Linked by Thom Holwerda on Tue 14th Sep 2010 22:42 UTC
Ubuntu, Kubuntu, Xubuntu If there's one consistent piece of criticism that gets lobbed in Canonical's and Mark Shuttleworth's direction, it's that they do not contribute enough code - or anything else for that matter - to the Free software world. Mark Shuttleworth has apparently had enough, and has written a very, very lengthy blog post detailing how he feels about this criticism.
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That's another thing ;) Selfish, yes. That I can agree with.

Good, that's progress.

What happens when NVIDIA decides to stop supporting certain cards, what are those users to do? How is Microsfot addressing that problem that will happen eventually? They aren't doing anything at all, they rely utterly and completely on the NVIDIA developers to solve tha -- oops, I guess NVIDIA won't solve that problem, you need to buy a new graphics card.

Wait a second, you think Microsoft is doing the right thing? Microsoft sucks, their approach to drivers suck. If Ubuntu is following that model, well, that sucks.

That's not how open source works. There should be nothing that prevents you from using your videocard from 1990. It doesn't matter if NVIDIA stops supporting that card, because if the code is available the community can support it, which is why we need the code. Fedora knows that.

No, but I used to use Fedora. And its installer was more complicated for a NORMAL USER than Ubuntu's one.

When Fedora 1? Also, remember that there is such a thing as "too simple" (as in not useful enough). If you compare Fedora 13 installer vs Windows's installer, I think you would find them similar, which means it's ok for normal users.

PackageKit? Oh yes, did I say PackageKit was shit? Quite the opposite, actually.

As for Nouveau, which is an example of ITLLWORKLATER... I still remember the joy of having to force Fedora to use the VESA driver, remove nouveau, add a repo and install the binary blob. I'm sure a normal user that is scared by even seeing the prompt will just go back to Windows!

That's NVIDIA's fault, not Fedora's. And you could contribute by filing a bug and saying exactly that, I'm sure Fedora people would either make sure it gets fixed, or VESA is used by default on your card, which would be enough for "normal" users.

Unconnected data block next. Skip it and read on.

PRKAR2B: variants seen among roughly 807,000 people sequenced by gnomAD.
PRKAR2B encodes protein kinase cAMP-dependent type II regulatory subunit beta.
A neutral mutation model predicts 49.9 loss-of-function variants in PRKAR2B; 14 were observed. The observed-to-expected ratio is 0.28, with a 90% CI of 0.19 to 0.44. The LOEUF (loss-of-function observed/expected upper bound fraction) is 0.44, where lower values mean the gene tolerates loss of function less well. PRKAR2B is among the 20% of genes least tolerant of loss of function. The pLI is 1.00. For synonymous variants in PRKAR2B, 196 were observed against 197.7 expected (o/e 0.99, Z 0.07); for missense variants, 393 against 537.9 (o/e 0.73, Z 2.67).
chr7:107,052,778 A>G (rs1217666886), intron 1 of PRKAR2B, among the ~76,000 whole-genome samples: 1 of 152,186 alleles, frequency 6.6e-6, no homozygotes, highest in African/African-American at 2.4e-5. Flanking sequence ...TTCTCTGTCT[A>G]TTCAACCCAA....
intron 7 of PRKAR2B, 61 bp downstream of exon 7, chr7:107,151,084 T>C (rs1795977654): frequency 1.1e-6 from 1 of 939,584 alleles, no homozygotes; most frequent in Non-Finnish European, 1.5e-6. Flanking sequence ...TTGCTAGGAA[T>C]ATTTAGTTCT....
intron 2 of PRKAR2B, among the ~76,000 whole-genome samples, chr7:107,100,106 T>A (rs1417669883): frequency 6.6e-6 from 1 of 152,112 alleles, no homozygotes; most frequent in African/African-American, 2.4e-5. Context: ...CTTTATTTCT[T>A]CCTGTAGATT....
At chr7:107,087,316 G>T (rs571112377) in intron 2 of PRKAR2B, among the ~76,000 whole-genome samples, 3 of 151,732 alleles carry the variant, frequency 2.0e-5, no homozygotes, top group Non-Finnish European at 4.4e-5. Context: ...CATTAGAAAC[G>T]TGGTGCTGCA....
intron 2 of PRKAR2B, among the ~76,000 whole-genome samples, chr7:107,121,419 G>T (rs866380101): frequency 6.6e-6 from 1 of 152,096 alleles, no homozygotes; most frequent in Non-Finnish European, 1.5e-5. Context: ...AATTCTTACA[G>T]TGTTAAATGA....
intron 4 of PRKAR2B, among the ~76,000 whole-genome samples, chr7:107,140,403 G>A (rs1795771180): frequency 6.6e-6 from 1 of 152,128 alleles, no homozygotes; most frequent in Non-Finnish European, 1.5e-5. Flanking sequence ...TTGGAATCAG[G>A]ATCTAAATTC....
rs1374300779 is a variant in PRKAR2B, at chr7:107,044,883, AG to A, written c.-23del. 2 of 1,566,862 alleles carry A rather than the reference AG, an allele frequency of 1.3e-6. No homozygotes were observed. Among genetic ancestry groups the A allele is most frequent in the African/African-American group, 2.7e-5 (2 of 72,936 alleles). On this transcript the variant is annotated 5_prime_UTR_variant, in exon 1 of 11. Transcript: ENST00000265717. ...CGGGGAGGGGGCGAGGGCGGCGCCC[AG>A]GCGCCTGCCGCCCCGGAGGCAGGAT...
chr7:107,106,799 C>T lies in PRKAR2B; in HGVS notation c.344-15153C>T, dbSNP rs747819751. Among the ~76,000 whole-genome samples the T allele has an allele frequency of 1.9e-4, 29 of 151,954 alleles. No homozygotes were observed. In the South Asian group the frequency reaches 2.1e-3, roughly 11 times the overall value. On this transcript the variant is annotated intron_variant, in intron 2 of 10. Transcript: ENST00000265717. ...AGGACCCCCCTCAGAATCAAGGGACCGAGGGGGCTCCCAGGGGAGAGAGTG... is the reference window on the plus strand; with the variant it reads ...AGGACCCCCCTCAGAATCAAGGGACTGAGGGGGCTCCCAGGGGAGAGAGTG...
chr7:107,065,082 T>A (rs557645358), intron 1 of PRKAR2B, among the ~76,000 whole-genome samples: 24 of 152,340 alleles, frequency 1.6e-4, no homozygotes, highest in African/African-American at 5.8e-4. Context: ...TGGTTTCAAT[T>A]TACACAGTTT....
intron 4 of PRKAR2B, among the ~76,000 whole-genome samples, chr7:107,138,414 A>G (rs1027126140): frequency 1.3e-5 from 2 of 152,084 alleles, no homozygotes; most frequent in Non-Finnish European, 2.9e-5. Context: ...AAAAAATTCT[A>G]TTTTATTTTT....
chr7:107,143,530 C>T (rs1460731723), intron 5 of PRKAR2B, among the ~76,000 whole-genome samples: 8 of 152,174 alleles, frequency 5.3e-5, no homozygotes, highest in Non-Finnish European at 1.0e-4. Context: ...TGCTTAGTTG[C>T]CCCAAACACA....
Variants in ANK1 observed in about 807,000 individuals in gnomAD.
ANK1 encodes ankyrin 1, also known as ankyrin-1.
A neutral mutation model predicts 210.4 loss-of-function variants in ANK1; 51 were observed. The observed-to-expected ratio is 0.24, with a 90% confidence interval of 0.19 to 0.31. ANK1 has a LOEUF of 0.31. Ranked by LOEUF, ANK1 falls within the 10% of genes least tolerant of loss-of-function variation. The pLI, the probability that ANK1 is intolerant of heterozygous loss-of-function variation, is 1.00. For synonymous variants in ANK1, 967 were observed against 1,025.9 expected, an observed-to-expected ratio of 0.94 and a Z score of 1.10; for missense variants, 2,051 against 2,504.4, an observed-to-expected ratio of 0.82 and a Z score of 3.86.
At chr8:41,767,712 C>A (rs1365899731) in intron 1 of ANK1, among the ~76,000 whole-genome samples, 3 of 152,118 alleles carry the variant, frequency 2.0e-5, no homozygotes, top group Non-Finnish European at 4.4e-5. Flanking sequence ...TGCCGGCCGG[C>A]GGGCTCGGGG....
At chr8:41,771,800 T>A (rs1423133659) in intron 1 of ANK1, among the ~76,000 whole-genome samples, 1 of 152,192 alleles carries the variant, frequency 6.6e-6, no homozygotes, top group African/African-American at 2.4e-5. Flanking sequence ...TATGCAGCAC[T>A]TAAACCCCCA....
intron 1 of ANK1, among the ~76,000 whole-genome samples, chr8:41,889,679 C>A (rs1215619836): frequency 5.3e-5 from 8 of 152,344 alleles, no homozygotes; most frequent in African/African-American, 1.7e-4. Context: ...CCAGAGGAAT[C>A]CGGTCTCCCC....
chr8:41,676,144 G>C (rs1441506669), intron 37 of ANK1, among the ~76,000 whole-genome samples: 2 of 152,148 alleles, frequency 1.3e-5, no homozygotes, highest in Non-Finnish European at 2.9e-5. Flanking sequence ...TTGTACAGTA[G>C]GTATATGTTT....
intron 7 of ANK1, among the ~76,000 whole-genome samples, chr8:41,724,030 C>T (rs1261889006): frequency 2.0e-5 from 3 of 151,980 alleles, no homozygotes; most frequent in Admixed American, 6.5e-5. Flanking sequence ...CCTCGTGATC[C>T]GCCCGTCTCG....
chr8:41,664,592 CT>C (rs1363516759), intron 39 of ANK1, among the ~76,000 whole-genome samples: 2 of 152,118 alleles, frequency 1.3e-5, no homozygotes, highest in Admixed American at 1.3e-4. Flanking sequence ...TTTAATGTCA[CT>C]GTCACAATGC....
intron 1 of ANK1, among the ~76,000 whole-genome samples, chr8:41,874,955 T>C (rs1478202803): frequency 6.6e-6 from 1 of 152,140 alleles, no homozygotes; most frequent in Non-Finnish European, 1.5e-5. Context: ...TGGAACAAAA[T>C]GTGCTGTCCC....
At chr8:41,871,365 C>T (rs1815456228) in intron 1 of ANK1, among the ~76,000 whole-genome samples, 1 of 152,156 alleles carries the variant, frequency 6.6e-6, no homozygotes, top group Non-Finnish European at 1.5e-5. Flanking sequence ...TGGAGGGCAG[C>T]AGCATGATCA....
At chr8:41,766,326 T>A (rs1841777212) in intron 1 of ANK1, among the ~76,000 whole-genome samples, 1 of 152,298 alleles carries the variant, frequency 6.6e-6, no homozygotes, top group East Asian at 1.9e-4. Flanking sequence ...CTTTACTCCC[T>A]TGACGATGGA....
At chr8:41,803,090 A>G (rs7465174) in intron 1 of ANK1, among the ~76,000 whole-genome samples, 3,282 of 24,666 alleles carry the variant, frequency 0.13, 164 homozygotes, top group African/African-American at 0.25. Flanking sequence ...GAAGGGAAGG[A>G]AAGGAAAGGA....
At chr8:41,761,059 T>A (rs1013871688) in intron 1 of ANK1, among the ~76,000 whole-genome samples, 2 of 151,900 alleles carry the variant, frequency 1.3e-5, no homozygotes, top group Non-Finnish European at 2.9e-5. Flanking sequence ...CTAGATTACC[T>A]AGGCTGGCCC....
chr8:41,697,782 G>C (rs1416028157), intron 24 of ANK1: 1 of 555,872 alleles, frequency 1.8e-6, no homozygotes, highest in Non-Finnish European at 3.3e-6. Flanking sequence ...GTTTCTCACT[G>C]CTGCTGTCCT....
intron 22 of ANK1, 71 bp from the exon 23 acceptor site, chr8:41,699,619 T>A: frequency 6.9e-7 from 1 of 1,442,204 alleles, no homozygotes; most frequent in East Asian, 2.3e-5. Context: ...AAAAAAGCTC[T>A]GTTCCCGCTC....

Also, Fedora, unlike Ubuntu, has a philosophy, and due to that philosophy NVIDIA's proprietary binaries are not an option, and that's final. However, eventually the right solution would come along, in part thanks to Fedora's perseverance.

Ubuntu OTOH is not helping in moving towards to the ideal solution.

No, but you seem to have a problem understanding English. And you still didn't respond to my question, instead preferring to attack me.

Right, I have a problem understanding English... you throw an accusation and don't even bother to provide any basis. Rubbish.

And, I did answer your question:
The fontend is improving without the help from Canonical.


Because you keep implying that Canonical is somehow doing a wrong thing by not collaborating.

It is a wrong thing, but I'm sure you cannot possibly fathom why, so I'm not going to try to explain.

The problem, if you haven't noticed, is that most of your fellow Ubuntu fanboys deny that fact. Go to #ubuntu IRC channel and ask if other people agree with you that Canonical doesn't collaborate, and that is a good thing. You would be surprised with the results.

Also, do you think Mark Shuttleworth would agree with that statement publicly? His whole blog was basically a PR spin in order to wave precisely that issue.

No, they're just making a nice package for normal users. Or maybe they're sick of the elitist attitude many Linux "community members" show.

Ah, so now you are speculating without any evidence, well, allow me to do the same. Perhaps Canonical cares only about money and their product, if they could they would fork the whole user-space, and they would use a license that prevents people from shipping that code in other distributions other than Ubuntu. Not entirely implausible, since as you have agreed, they are selfish.

But pacman doesn't work nicely (as in -- not leaving the system confused) on other distros than Arch.

Bullshit. Pacman works as good as any foreign package manager can, in a system that doesn't run pacman, and if somebody happens to write a distribution that is not archlinux, but uses pacman, it would work as well as it does in Archlinux, because they developed it in a distro-agnostic way, which is the collaborative thing to do.

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